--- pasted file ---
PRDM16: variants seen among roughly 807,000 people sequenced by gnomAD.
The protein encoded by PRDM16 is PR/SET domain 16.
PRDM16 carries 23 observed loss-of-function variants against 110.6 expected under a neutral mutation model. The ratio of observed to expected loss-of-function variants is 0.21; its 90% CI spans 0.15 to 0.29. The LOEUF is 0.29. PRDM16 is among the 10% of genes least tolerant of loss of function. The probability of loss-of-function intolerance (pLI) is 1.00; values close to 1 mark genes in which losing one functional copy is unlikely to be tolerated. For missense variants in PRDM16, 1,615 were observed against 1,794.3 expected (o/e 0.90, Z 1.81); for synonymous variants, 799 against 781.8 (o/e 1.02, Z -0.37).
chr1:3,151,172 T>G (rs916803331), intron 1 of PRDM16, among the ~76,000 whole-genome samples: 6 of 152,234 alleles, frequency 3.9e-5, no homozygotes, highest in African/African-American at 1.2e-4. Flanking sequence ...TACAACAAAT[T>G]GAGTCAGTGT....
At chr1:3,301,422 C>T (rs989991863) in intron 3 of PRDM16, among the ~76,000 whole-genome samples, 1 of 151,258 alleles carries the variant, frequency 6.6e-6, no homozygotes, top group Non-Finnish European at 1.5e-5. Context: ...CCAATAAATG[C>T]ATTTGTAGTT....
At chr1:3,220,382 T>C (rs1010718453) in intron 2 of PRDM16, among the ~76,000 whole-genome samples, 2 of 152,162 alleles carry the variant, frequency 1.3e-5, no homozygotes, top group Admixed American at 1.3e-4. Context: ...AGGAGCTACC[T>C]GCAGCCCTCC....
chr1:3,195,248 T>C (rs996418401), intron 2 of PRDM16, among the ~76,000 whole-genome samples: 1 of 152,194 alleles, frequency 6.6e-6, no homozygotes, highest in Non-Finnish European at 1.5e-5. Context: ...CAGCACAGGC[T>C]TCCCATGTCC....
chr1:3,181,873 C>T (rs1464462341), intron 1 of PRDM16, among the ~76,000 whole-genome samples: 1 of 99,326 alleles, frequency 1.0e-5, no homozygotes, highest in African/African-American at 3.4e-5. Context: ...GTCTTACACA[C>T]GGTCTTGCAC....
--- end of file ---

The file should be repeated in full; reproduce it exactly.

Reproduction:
PRDM16: variants seen among roughly 807,000 people sequenced by gnomAD.
The protein encoded by PRDM16 is PR/SET domain 16.
PRDM16 carries 23 observed loss-of-function variants against 110.6 expected under a neutral mutation model. The ratio of observed to expected loss-of-function variants is 0.21; its 90% CI spans 0.15 to 0.29. The LOEUF is 0.29. PRDM16 is among the 10% of genes least tolerant of loss of function. The probability of loss-of-function intolerance (pLI) is 1.00; values close to 1 mark genes in which losing one functional copy is unlikely to be tolerated. For missense variants in PRDM16, 1,615 were observed against 1,794.3 expected (o/e 0.90, Z 1.81); for synonymous variants, 799 against 781.8 (o/e 1.02, Z -0.37).
chr1:3,151,172 T>G (rs916803331), intron 1 of PRDM16, among the ~76,000 whole-genome samples: 6 of 152,234 alleles, frequency 3.9e-5, no homozygotes, highest in African/African-American at 1.2e-4. Flanking sequence ...TACAACAAAT[T>G]GAGTCAGTGT....
At chr1:3,301,422 C>T (rs989991863) in intron 3 of PRDM16, among the ~76,000 whole-genome samples, 1 of 151,258 alleles carries the variant, frequency 6.6e-6, no homozygotes, top group Non-Finnish European at 1.5e-5. Context: ...CCAATAAATG[C>T]ATTTGTAGTT....
At chr1:3,220,382 T>C (rs1010718453) in intron 2 of PRDM16, among the ~76,000 whole-genome samples, 2 of 152,162 alleles carry the variant, frequency 1.3e-5, no homozygotes, top group Admixed American at 1.3e-4. Context: ...AGGAGCTACC[T>C]GCAGCCCTCC....
chr1:3,195,248 T>C (rs996418401), intron 2 of PRDM16, among the ~76,000 whole-genome samples: 1 of 152,194 alleles, frequency 6.6e-6, no homozygotes, highest in Non-Finnish European at 1.5e-5. Context: ...CAGCACAGGC[T>C]TCCCATGTCC....
chr1:3,181,873 C>T (rs1464462341), intron 1 of PRDM16, among the ~76,000 whole-genome samples: 1 of 99,326 alleles, frequency 1.0e-5, no homozygotes, highest in African/African-American at 3.4e-5. Context: ...GTCTTACACA[C>T]GGTCTTGCAC....